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Ann Oncol. 2015 Jun;26(6):1263-8. doi: 10.1093/annonc/mdv131. Epub 2015 Mar 3.

Life expectancy of colon, breast, and testicular cancer patients: an analysis of US-SEER population-based data.

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Department of Preventive and Predictive Medicine, Evaluative Epidemiology Unit, Foundation National Cancer Institute, Milan National Center of Epidemiology, Cancer Epidemiology Unit, National Institute of Health, Rome
Department of Preventive and Predictive Medicine, Evaluative Epidemiology Unit, Foundation National Cancer Institute, Milan.
Epidemiology and Biostatistics Unit, CRO Aviano National Cancer Institute IRCCS, Aviano, Italy.



Cancer survivorship is an increasingly important issue in cancer control. Life expectancy of patients diagnosed with breast, colon, and testicular cancers, stratified by age at diagnosis and time since diagnosis, is provided as an indicator to evaluate future mortality risks and health care needs of cancer survivors.


The standard period life table methodology was applied to estimate excess mortality risk for cancer patients diagnosed in 1985-2011 from SEER registries and mortality data of the general US population. The sensitivity of life expectancy estimates on different assumptions was evaluated.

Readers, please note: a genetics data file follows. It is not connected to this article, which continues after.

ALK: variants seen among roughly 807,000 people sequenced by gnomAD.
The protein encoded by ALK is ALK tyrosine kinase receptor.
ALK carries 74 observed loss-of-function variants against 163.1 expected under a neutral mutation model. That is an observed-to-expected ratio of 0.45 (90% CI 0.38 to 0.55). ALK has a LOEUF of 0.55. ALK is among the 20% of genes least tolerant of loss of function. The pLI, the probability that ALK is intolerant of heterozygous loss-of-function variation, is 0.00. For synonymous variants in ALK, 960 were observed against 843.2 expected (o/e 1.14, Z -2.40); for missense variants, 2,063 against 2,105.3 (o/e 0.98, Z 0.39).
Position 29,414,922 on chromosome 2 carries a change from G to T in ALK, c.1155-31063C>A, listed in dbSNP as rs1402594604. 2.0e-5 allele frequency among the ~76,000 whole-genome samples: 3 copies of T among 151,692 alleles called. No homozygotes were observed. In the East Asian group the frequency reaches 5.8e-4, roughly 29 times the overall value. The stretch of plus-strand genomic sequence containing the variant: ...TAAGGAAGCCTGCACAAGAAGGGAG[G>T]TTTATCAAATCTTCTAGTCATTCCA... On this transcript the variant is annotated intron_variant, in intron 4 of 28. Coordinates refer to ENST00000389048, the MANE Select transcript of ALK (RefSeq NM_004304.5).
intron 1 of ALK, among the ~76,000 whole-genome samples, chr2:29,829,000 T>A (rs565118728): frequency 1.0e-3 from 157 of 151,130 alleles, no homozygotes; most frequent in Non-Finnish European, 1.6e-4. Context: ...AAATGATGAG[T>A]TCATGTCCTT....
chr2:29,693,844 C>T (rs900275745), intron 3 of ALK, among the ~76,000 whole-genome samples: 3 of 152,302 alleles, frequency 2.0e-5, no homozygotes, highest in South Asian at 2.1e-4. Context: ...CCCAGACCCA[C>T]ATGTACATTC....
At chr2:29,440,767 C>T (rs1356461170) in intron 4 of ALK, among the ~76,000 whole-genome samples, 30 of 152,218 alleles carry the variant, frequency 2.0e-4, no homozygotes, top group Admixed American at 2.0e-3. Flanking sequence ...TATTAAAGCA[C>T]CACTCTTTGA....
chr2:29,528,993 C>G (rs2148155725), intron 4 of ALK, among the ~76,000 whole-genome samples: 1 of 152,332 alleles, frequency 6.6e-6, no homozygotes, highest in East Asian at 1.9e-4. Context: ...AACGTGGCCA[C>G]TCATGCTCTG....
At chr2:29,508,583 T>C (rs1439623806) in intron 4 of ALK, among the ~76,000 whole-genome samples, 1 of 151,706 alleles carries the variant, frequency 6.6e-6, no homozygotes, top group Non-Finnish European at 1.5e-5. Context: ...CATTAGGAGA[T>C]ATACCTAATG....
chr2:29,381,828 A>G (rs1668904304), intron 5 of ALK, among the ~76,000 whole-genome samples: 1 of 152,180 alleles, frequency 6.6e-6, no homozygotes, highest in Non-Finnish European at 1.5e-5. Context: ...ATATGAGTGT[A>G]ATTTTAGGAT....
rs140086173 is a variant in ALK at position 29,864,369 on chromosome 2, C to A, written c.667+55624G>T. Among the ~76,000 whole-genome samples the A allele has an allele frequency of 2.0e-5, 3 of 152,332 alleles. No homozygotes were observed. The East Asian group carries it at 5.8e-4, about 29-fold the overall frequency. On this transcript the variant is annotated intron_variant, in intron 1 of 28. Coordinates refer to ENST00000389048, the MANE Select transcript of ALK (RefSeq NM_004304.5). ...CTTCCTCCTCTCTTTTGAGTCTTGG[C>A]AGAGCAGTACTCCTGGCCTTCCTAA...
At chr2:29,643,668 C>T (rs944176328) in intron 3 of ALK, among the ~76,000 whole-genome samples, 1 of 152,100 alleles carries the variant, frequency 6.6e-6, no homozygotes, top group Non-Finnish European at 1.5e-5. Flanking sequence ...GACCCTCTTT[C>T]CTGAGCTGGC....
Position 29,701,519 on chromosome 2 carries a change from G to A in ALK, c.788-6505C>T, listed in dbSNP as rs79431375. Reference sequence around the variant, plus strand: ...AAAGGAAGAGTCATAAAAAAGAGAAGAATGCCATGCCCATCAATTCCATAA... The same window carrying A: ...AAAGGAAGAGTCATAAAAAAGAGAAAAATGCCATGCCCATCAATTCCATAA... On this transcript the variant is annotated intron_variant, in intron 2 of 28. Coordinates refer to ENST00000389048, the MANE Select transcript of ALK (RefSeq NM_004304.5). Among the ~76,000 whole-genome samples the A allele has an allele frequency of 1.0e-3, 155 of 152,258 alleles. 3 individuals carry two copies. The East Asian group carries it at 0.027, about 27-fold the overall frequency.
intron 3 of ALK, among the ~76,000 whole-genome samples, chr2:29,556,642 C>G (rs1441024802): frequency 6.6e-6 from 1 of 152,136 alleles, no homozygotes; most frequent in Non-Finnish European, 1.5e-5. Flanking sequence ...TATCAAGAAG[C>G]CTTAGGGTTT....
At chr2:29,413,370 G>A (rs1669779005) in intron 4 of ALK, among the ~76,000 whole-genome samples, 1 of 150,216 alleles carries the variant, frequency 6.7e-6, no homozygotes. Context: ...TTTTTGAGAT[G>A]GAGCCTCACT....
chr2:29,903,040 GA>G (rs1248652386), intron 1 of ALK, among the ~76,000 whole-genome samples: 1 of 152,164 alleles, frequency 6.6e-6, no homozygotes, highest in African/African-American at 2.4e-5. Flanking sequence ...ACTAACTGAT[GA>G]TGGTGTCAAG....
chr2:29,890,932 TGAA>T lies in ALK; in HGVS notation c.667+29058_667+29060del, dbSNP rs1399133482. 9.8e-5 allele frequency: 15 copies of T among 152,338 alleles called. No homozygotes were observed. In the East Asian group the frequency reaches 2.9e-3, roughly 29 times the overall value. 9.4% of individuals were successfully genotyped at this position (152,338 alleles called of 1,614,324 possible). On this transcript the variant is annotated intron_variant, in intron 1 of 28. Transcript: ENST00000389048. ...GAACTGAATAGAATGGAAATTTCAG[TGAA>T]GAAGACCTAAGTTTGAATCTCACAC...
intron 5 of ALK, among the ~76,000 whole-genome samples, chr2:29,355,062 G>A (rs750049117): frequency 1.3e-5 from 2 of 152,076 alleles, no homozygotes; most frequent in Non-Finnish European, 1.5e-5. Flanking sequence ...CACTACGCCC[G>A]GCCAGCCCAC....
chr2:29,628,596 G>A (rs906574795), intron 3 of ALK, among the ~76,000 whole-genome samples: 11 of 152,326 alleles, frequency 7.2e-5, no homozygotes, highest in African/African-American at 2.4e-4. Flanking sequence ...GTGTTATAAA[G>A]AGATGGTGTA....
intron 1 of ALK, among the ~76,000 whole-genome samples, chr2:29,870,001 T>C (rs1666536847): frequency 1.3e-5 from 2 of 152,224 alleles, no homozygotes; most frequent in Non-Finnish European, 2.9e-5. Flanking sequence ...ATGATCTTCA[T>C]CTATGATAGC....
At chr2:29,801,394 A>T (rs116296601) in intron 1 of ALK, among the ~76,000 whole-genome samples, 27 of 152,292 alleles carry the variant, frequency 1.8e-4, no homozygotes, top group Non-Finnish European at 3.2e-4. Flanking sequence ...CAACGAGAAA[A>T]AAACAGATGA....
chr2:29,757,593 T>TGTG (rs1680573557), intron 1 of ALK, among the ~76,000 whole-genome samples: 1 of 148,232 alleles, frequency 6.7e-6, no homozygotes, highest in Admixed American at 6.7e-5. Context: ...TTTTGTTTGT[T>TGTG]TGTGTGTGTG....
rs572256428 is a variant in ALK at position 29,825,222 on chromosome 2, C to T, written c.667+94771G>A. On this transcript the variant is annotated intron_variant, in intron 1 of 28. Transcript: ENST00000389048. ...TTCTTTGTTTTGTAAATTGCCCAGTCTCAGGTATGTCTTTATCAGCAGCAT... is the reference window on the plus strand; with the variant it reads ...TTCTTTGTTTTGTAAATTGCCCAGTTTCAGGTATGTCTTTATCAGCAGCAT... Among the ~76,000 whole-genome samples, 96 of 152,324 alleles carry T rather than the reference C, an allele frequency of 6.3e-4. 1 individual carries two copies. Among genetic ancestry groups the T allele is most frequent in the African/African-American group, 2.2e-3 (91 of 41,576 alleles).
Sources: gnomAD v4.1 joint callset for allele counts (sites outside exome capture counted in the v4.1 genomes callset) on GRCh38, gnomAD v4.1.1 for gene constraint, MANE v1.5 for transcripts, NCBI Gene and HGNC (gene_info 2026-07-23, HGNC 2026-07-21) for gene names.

Younger patients with colon cancer showed wider differences in life expectancy compared with that of the general population (11.2 years in women and 10.7 in men at age 45-49 years) than older patients (6.3 and 5.8 at age 60-64 years, respectively). Life expectancy progressively increases in patients surviving the first years, up to 4 years from diagnosis, and then starts to decrease again, approaching that of the general population. For breast cancer, the initial drop in life expectancy is less marked, and again with wider differences in younger patients, varying from 8.7 at age 40-44 years to 2.4 at ages 70-74 years. After diagnosis, life expectancy still decreases with time, but less than that in the general population, slowly approaching that of cancer-free women. Life expectancy of men diagnosed with testicular cancer at age 30 years is estimated as 45.2 years, 2 years less than cancer-free men of the same age. The difference becomes 1.3 years for patients surviving the first year, and then slowly approaches zero with increasing survival time.


Life expectancy provides meaningful information on cancer patients, and can help in assessing when a cancer survivor can be considered as cured.


SEER; cancer; cure; mortality; survival

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